Welcome Visitor
Tue, May 30, 2023
96 members
County fears for future of its finances
PULASKI COUNTY, Mo. (July 12, 2010) — Unlike many jurisdictions in Missouri, Pulaski County sales tax revenues have remained stable, but county commissioners warned at their Monday morning meeting that state cutbacks could cause serious problems for Pulaski County.

Eastern District Commissioner Bill Farnham warned that one of the county’s biggest problems could be a reduced state reimbursement for prisoner room and board bills. Pulaski County currently pays $35 per day per inmate to send more than half and sometimes up to two-thirds of its prisoners to other counties or to the Dixon City Jail because the Pulaski County Jail is too small to handle the county’s inmates.

“What I’m really concerned about it what’s going to happen with our jail reimbursement. They cut it back to $19.58 and that’s one of the first places they may cut again,” Farnham warned.

“With what I’ve seen from the federal and state cuts, we’re doing about as well as could be expected,” said Presiding Commissioner Don McCulloch.

Finances could also be affected by other factors. Farnham said that according to the magazine of the Missouri Association of Counties, Phelps County is attempting to become a second-class county rather than a third-class county.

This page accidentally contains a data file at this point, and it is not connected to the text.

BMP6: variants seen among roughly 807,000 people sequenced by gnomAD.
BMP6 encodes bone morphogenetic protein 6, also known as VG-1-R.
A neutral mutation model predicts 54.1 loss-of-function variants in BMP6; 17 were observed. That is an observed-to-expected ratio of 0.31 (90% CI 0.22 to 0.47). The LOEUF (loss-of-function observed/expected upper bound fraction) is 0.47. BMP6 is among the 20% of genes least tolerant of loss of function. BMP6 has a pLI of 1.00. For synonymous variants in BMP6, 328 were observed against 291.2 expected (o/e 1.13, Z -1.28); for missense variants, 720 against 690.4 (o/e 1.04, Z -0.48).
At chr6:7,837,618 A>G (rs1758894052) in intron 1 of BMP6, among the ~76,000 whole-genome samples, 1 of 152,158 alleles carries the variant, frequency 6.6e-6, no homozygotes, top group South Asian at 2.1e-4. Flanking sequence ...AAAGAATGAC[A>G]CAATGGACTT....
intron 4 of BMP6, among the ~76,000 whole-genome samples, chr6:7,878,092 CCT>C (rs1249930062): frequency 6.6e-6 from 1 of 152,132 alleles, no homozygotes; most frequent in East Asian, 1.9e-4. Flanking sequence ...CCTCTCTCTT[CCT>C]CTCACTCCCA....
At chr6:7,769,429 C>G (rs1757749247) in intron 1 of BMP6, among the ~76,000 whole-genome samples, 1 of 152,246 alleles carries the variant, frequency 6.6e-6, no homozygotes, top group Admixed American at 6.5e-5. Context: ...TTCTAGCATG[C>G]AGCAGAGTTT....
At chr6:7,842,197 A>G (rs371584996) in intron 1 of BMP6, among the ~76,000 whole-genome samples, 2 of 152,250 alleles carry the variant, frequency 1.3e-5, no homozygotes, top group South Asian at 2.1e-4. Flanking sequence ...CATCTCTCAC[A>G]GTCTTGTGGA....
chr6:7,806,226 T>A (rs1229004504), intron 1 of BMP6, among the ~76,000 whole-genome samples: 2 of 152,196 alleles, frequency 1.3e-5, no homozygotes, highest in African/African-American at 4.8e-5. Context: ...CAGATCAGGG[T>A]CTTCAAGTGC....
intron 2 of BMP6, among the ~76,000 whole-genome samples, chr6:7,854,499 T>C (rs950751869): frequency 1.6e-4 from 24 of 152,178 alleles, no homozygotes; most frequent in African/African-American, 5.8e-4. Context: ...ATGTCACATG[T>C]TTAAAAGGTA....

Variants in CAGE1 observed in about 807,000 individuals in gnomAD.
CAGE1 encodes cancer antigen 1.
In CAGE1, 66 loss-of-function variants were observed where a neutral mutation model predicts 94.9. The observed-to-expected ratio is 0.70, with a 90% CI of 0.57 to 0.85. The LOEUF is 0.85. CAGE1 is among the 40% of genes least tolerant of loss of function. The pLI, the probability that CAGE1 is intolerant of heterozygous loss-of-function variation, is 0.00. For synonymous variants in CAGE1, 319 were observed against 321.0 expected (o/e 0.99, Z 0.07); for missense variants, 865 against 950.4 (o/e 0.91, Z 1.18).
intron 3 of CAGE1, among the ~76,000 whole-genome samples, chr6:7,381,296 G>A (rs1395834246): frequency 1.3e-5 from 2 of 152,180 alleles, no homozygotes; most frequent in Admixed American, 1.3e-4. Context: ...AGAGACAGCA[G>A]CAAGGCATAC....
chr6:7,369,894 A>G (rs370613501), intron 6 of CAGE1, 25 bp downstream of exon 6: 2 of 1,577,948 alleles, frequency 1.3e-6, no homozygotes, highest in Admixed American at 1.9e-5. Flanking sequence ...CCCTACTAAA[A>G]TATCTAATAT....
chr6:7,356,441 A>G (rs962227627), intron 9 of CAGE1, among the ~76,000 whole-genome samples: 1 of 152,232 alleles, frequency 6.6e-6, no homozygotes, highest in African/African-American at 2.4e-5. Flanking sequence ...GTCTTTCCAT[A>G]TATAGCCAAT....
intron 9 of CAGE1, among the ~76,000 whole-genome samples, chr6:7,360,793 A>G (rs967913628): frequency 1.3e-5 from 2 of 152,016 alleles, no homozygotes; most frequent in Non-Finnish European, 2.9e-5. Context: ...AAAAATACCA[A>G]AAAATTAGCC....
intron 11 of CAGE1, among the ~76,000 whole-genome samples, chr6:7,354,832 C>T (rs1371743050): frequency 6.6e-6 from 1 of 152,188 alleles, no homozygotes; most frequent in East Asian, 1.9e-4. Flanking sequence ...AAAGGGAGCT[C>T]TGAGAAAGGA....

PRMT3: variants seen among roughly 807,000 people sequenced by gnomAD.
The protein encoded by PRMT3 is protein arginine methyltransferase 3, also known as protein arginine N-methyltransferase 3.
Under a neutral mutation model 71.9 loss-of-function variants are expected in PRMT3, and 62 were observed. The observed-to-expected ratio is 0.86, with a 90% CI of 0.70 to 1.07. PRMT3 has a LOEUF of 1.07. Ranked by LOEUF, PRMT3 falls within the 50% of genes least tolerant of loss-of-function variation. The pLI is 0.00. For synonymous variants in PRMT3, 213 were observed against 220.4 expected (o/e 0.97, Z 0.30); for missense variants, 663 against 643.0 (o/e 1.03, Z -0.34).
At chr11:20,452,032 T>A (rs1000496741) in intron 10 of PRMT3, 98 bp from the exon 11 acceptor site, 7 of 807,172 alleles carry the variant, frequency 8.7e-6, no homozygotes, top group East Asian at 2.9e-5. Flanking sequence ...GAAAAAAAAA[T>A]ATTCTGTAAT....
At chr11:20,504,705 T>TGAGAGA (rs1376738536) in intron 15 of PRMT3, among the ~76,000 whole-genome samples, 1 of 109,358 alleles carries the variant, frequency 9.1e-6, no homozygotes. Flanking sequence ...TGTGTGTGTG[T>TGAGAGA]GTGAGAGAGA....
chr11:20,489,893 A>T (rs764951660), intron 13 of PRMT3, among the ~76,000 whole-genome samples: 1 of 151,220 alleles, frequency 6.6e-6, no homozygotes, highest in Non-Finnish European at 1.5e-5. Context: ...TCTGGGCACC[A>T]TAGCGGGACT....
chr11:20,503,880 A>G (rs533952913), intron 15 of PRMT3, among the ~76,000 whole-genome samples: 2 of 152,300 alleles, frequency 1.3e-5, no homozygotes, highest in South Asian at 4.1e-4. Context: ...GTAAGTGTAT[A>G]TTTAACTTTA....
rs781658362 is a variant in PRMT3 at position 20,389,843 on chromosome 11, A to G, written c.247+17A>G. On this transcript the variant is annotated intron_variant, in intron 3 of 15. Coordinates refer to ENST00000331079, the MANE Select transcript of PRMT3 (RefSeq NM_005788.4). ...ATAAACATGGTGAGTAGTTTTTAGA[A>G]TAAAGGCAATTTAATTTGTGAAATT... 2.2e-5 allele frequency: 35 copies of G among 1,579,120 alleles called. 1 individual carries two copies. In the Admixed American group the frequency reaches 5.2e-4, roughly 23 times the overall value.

Missouri divides its counties into four classes based on the total assessed valuation of its property; in general, smaller and therefore less affluent counties have fewer state mandates but also have fewer home-rule options. Most rural Missouri counties are third-class counties; the only local exception in Camden County, which due to the Lake of the Ozarks is a first-class county.

However, counties pay assessments to the circuit court and various other regional bodies based on population rather than on assessed valuation.

“Supposedly Phelps County has lesser population than we do,” Farnham said. “Even if they are a higher valuation will we have to continue to pay more money than them?”

County Clerk Diana Linnenbringer said that county assessments will depend largely on census results, and it’s not yet clear how Pulaski County will fare in comparison to nearby counties.

“We have more people but we’re poorer, supposedly, on our valuation. To me that doesn’t seem right,” Farnham said.

“If that’s the case, who do we take it up with? The secretary of state?” asked McCulloch.

Farnham and Linnenbringer said they didn’t know the answer.

In other business, Farnham said Gary Porter, the new chairman of the Pulaski County Sewer Board, had told him he hasn’t received a written letter of resignation from former board chairman Mark Cortesini but said Cortesini has verbally resigned.

Farnham noted that if four-fifths of the sewer board members vote Cortesini off the board, the vacant position can then be filled by the county commissioners.

Click here to follow the Pulaski County Daily News on Twitter
Click here to follow the Pulaski County Daily News on Facebook

Click here for comments and local opinion

Printer-friendly format

Do you know someone else who would like to see this?
Your Email:
Their Email:
(Will be included with e-mail)
Secret Code

In the box below, enter the Secret Code exactly as it appears above *


Powered by Bondware
News Publishing Software

The browser you are using is outdated!

You may not be getting all you can out of your browsing experience
and may be open to security risks!

Consider upgrading to the latest version of your browser or choose on below: